How to lead and follow in ballroom dancing

ballroom dancing One of the biggest obstacles to social dancing with a partner is figuring out how to lead and follow. Think about it. Can two people dance smoothly together if they’re each making their own decisions on direction, timing, and steps? Probably not. It’ll end up looking like a hodge podge of movements. To make it work, it requires someone who is assigned the role of leading (usually the man)

The one in charge, known as the lead, is responsible for directing the steps and choreography. That doesn’t mean they’re going to pull and shove their partner around, but it means they’ll have control over guiding their partner’s next steps. While (in an ideal world) both partners are supposed to know the choreography & steps in the dance, the lead’s duty is to tell the partner WHEN to make each movement.

In other words, the follower is supposed to wait until their partner tells them when to take each step. He may do this by applying a little pressure to his partner’s hands, shifting his weight, or even making a hand signal. If he doesn’t show a signal, then the one that follows does nothing. If he shows the wrong signal, then she’s supposed to adjust and follow the new step. The biggest challenge for new dancers is that the leader tends to send multiple signals (unknowingly) to their partner which makes the task of following a bit harder initially but over time the follower(s) build up a mastery of sorting thru all of the information coming their way.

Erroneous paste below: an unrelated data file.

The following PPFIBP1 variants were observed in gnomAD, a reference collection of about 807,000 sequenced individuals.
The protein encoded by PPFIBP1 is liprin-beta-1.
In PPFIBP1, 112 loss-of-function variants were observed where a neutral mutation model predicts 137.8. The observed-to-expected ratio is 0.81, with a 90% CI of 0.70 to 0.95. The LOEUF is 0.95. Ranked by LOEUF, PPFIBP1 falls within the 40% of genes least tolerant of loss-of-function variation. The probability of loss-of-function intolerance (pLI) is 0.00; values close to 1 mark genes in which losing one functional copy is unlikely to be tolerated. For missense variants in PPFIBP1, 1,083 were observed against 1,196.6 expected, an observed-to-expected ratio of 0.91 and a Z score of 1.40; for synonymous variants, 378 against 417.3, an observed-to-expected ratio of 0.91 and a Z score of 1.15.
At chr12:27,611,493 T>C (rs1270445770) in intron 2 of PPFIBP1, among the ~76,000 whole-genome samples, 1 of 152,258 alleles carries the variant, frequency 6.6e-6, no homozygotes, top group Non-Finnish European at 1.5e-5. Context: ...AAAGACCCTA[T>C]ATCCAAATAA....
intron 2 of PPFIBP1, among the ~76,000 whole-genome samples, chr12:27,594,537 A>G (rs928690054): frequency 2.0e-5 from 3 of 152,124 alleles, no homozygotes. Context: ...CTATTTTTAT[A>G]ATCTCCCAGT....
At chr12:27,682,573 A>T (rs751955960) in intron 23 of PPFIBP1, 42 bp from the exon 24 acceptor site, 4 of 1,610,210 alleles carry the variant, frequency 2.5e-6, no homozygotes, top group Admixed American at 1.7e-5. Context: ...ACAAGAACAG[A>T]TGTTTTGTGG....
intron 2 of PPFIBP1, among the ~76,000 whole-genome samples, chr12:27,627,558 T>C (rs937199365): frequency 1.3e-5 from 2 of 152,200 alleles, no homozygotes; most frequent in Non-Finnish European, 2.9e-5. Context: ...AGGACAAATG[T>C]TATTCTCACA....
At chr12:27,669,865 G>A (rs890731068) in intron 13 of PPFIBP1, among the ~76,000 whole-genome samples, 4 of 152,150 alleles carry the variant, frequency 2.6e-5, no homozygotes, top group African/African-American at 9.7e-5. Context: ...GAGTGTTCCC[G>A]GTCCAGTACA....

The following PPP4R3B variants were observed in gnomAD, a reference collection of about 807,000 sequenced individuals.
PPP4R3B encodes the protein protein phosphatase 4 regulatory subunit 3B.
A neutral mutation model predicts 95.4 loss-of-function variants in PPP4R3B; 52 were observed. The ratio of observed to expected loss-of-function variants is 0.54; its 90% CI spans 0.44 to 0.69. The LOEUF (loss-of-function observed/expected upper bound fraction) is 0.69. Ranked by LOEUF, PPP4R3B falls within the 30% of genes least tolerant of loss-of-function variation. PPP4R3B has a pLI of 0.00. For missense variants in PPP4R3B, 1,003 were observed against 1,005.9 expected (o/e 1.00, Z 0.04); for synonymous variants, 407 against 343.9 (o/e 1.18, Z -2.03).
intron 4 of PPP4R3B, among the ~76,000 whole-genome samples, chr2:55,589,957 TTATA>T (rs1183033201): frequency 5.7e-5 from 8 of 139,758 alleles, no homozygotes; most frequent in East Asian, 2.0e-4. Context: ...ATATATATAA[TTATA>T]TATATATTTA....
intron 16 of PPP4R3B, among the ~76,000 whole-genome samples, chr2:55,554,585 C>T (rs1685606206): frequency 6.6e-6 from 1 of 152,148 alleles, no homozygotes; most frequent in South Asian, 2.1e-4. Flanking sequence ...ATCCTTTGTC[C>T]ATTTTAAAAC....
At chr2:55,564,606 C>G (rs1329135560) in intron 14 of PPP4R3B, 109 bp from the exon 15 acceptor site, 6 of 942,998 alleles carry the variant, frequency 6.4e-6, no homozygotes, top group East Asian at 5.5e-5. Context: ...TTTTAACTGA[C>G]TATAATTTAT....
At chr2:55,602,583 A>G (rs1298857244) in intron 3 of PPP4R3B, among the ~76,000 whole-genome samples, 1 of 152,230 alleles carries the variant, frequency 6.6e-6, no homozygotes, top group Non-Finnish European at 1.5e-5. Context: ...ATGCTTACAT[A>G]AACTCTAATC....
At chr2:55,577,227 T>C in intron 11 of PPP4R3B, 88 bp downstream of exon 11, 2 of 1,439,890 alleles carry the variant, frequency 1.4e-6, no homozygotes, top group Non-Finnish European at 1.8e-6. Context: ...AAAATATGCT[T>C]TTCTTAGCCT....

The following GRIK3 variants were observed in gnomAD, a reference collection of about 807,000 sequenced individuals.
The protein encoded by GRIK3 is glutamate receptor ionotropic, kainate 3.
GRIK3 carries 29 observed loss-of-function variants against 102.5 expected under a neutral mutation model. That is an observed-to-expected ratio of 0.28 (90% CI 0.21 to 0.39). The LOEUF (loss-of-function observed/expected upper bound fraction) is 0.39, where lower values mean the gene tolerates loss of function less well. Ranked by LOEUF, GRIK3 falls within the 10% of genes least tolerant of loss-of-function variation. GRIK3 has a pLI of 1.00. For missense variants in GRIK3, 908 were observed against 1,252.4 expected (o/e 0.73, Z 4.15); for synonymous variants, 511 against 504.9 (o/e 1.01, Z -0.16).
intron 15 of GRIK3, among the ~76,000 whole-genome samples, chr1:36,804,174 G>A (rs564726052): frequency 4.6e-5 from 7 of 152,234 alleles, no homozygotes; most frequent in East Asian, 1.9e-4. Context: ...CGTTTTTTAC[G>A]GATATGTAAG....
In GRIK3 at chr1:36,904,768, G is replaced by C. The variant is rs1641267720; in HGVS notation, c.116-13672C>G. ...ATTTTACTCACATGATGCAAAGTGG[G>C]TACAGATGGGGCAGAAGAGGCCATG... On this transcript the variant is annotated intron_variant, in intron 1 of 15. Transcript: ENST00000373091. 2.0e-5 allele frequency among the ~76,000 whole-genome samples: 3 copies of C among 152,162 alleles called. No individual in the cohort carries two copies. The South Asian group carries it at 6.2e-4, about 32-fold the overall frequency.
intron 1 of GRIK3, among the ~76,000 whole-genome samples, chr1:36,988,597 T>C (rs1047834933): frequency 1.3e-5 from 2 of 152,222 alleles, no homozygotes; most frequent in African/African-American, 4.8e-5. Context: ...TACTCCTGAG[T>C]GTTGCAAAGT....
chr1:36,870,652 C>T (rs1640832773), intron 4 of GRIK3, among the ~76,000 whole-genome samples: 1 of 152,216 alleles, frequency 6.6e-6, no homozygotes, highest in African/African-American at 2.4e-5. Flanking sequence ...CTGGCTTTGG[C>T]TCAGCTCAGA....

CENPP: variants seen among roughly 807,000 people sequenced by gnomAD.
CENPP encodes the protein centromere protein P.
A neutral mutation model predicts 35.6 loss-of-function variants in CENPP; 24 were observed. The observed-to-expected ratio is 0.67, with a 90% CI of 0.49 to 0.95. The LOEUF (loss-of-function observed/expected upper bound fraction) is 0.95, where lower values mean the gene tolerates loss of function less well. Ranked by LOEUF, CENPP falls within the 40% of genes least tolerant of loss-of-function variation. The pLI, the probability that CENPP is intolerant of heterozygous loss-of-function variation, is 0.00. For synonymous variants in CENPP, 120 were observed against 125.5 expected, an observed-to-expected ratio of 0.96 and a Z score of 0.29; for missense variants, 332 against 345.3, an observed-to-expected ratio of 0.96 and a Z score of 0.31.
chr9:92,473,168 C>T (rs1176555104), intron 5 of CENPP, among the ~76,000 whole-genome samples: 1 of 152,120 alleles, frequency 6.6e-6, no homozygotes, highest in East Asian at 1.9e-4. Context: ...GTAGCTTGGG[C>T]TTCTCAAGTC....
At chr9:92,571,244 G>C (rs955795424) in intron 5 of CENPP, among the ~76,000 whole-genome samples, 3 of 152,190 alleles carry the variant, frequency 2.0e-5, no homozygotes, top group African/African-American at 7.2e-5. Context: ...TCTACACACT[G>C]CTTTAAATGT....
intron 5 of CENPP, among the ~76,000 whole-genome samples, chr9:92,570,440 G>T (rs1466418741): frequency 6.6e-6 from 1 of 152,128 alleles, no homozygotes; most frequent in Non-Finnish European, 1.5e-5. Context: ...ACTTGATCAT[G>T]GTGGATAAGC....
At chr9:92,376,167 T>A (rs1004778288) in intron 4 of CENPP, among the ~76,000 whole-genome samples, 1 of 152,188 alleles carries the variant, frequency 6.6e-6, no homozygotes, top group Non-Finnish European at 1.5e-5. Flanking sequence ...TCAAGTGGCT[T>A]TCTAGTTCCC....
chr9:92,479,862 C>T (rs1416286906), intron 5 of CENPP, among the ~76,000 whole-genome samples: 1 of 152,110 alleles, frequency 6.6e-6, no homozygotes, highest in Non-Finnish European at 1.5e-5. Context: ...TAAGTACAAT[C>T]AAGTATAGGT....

Trust me, it takes some guidance and practice to learn how to lead and follow. The best way to take your dancing to the next level, is to not only learn the steps (which can be discovered in a group class) but to learn technique (which can be learned in a private session).

And one more note before I end this piece, we have to give credit to those who follow bad leaders and those who are able to lead bad followers. Neither have it easy, but both have a good understanding on what it takes to lead and follow and if they’re able to do it under harder circumstances, then our hats go down to them!